Debut author Obeidat provides a brief, Islam-influenced guide to increasing personal awareness and making changes to one’s life.
“Being a small object means that you are drawn to the gravitational forces of life,” this book says at its outset. It then goes on to explore ways that readers can combat the notion of a “false personality” and instead establish a state of being that’s “not affected by external and internal considerations.” Obeidat’s advice in this self-help work is centered on changing habits, expressing gratitude, and otherwise becoming mindful. To that end, it incorporates meditation techniques by author Jon Kabat-Zinn, a “stop” exercise by spiritual leader George Ivanovich Gurdjieff, and a later chapter on the practical tenets of Islam. As complicated as it all may sound, the author’s advice tends to be very simple, such as an admonishment to “Be thankful. Show appreciation.” He establishes at the outset that, for many problems in life, there are “huge numbers of books and so-called solutions!” Why add one more book to that number? Overall, this work manages to differentiate itself on two fronts. First, at less than 80 pages, it’s concise. Second, its portion devoted to Islam grounds it in a tradition that extends beyond the latest mindfulness fads. For example, the author explains that “Patience in Islam has an important dimension that is correlated with praying.” Other, more New-Age-leaning texts are unlikely to mention items such as the annual pilgrimage to Mecca, and the resulting mixture of ideas proves intriguing. That said, it can be dry at times, as when explaining Newton’s Law of Universal Gravitation (“any two bodies in the universe attract each other with a force that is directly proportional to the product of their masses and inversely proportional to the square of the distance between them”), and this creates opportunities for readers’ interest to waver. However, the book will appeal to those eager to read about modern living techniques and their embodiment in established religion.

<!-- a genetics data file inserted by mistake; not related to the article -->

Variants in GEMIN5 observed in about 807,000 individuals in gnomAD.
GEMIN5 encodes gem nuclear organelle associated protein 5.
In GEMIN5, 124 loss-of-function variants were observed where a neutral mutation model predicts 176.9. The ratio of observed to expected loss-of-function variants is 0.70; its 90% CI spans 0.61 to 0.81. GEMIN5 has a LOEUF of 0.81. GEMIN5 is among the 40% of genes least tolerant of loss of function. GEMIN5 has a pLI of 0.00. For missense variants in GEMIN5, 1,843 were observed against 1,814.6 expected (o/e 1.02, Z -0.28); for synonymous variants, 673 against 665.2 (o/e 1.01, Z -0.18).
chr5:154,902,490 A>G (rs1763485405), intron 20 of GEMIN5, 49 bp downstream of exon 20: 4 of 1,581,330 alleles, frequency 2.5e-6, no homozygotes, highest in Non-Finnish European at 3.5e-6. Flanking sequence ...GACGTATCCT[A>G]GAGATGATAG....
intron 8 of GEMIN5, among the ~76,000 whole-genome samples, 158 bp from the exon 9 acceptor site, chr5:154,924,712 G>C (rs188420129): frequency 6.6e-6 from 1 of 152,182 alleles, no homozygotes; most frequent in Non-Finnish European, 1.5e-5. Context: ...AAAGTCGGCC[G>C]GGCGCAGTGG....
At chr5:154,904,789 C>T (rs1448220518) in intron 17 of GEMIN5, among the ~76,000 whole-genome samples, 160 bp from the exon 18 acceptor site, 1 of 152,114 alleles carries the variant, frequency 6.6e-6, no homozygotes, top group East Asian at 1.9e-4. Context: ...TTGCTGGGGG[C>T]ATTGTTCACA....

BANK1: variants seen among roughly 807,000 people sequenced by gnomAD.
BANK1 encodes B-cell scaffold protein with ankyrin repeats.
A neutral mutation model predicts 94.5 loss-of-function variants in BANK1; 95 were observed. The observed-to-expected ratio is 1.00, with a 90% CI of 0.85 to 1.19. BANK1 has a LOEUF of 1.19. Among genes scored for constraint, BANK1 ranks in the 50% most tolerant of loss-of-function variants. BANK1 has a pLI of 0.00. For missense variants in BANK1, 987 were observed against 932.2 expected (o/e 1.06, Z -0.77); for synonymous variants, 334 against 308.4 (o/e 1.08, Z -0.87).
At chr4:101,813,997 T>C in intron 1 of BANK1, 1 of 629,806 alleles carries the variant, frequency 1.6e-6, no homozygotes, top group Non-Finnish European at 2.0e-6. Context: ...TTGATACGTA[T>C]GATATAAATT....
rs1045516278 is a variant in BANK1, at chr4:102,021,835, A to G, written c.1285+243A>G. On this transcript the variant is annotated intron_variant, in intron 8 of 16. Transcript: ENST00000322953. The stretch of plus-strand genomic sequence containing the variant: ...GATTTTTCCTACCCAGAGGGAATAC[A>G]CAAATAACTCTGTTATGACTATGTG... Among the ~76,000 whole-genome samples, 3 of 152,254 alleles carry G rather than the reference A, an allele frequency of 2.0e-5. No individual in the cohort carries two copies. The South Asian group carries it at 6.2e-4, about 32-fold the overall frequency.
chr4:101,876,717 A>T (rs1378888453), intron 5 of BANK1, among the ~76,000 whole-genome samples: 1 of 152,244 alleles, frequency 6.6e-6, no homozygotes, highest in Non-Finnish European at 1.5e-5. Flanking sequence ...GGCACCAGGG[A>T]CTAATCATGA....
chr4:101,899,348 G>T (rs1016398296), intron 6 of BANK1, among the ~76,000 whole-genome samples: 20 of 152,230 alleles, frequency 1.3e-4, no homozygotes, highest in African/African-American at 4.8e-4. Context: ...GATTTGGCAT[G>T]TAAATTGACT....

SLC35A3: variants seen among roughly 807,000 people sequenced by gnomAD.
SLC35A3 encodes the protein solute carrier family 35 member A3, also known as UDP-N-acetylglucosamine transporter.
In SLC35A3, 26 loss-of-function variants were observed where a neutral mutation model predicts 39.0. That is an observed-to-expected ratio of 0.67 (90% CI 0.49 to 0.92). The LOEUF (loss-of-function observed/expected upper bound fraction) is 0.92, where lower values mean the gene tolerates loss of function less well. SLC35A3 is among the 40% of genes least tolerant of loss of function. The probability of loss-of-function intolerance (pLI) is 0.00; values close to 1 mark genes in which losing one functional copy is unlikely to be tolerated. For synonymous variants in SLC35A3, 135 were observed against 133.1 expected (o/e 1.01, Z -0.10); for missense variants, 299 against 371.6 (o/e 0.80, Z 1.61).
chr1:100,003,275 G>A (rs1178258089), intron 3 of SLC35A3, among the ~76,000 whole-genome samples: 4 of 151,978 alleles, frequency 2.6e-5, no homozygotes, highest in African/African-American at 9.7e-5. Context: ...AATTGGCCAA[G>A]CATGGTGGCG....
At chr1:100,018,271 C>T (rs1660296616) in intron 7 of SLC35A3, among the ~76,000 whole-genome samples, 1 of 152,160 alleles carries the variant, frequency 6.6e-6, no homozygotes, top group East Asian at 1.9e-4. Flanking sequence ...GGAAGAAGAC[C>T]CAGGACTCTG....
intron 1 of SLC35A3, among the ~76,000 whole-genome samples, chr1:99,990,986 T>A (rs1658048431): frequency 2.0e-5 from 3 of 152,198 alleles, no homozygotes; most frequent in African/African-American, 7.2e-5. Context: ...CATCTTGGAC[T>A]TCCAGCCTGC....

A practical, novel approach to the concept of self-help.